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Drury brings history of success with him

by Adam Kimelman
Chris Drury has been a leader for as long as we can remember him -- which for many fans dates back 20 years, to when he was a pudgy 13-year-old who led his baseball team from Trumbull, Conn., to a Little League World Series title.

From that grand stage to the one he currently occupies -- captain of the New York Rangers -- Drury has led by word and deed. His leadership has produced championships at almost every level of hockey.

"He's a great leader and a great teammate," Rangers forward Brandon Dubinsky told "He's done it all. He's been around for a long time, accomplished everything a person could want to accomplish in this game."

That list includes numerous individual and team honors.

He won a Connecticut high school state championship playing alongside his brother, Ted, at Fairfield Prep; a collegiate national championship as a freshman at Boston University in 1995; and the Stanley Cup with the Colorado Avalanche in 2001. He's the only player in hockey history to win the Hobey Baker Award as NCAA player of the year and Calder Trophy as NHL rookie of the year.

Along the way, Drury has been smart enough to learn from some of the great leaders with which he has played.

"Going back to college, playing with Mike Grier and Jay Pandolfo, and our captain when we won the national championship was Jacques Joubert," Drury told "Then getting to Colorado with (Joe) Sakic and (Raymond) Bourque and (Adam) Foote. I learned a lot from all those guys."

What he learned was his own leadership style, which has served him well in his first season as a solo NHL captain. He was part of a captain rotation in Buffalo in 2003-04 and he served as co-captain of that team with Daniel Briere for three years.
Drury is perceived as a quiet leader, but he quashes that notion.

"I'm not going to be screaming left and right all the time, but certainly when something needs to be said or I want to say something, I'm going to say it," he said. "I think the impression out there is that I don't talk at all, but that couldn't be further from the truth."

While he might not peel the paint off the wall, there's nothing lost in translation between the captain and his teammates.

"What makes his leadership special is he doesn't have to say anything," Dubinsky said. "You know just by looking at him, when he looks back at you, what he's thinking."

"That's good to know," Drury said when told Dubinsky's thoughts. "There's times when something needs to be said and there's times when a look says a lot."

Drury may wear the "C," but he doesn't bear the leadership mantle alone in the Ranger room.

Markus Naslund, who was the captain for eight years in Vancouver before joining the Rangers this summer, is an alternate captain. Scott Gomez, who learned from leaders like Scott Stevens, Scott Niedermayer and Ken Daneyko in New Jersey, also wears an "A."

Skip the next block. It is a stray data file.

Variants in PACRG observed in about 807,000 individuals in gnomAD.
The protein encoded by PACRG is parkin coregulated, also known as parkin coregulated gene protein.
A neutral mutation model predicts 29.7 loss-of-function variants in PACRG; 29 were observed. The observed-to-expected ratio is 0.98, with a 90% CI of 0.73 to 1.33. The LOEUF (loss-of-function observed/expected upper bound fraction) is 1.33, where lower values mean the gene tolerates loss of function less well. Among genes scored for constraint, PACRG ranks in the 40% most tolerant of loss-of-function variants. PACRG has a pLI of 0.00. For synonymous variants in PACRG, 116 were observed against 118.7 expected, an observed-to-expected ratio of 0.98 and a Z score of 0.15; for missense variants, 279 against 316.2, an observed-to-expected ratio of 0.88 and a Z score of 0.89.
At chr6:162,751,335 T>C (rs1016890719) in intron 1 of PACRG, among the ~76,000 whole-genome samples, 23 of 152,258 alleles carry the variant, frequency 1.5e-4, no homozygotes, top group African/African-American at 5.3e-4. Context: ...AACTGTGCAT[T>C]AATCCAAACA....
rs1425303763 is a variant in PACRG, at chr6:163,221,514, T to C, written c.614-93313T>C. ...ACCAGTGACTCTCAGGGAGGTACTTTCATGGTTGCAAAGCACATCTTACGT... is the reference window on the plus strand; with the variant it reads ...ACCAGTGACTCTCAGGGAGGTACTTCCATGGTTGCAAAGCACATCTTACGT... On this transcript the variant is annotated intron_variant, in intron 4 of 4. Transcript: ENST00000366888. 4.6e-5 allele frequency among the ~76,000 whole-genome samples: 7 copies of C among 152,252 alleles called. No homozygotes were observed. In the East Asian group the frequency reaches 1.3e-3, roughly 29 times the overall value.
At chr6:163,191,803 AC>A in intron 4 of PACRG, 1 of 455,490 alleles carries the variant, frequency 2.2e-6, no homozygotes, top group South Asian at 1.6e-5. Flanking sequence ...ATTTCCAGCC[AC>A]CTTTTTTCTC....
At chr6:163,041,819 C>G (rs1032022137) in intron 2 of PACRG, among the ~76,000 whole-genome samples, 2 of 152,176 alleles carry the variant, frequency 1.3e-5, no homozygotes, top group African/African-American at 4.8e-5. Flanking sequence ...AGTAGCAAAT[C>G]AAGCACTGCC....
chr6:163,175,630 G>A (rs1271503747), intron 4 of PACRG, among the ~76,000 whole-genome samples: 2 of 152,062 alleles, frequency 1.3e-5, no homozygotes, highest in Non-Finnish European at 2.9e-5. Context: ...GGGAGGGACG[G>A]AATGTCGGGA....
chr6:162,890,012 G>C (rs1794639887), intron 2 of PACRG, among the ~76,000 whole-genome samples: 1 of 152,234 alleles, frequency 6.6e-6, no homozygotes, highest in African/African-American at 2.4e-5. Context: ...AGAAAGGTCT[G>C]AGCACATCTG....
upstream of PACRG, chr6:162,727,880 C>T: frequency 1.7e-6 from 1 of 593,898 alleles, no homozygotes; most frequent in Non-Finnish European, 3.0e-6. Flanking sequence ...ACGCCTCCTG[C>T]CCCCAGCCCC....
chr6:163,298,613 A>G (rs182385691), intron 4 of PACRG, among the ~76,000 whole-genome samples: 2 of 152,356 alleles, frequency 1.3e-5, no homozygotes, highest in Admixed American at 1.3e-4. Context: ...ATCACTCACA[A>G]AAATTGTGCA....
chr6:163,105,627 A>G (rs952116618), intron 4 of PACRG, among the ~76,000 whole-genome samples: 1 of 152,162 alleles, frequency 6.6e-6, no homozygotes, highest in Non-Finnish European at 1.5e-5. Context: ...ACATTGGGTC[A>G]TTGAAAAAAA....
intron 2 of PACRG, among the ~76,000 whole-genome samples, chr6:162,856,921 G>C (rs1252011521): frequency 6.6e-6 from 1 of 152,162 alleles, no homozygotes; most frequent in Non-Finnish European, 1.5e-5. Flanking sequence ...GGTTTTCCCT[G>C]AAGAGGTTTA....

"All the veterans, all the guys are always talking about leadership, bouncing ideas off each other," Drury said. "It's certainly not the case where I'm making all the decisions and telling them after. I want to know their input, especially Nazzy, who was a captain in the League for such a long time, Scotty's got a ton of great experience playing under Scott Stevens in Jersey, I'm sure he learned a ton."

While they’ve only been together for a few months, Naslund already has been impressed by Drury's leadership.

"I think he's done a great job," Naslund told "He takes the captaincy very seriously. He's a committed guy. … He has pretty good control on everything, whether it's in the room or outside."

Part of setting that example is playing the right way every day.

"The right way for me is the Ranger way," Drury said. "It's what (President/GM) Glen (Sather) wants, it's what (coach) Tom (Renney) wants. You're an extension of them. Being the captain or having an 'A' or a 'C,' you've got to do the system the right way. You have to be that extension and make sure things are done properly."

The Rangers haven't done everything right this season, but Drury has done his part to keep things pointed in the right direction; his 15 goals and 34 points entering Wednesday's game were third on the team. Like his team as a whole, though, Drury's been in a slump lately.

In his past nine games, he had no goals, 3 assists and a minus-3 rating, and the team has gone 3-5-1 to fall to fifth in the Eastern Conference, six points ahead of ninth-place Carolina.

Drury has used what he learned from the great players he's played with through the years to keep things positive.

"Every day is a new day, every practice is a new beginning," Drury said. "No matter what happens the night before, the week before, the month before, there's always a fresh start every day. Always try to make the most of it."

Contact Adam Kimelman at

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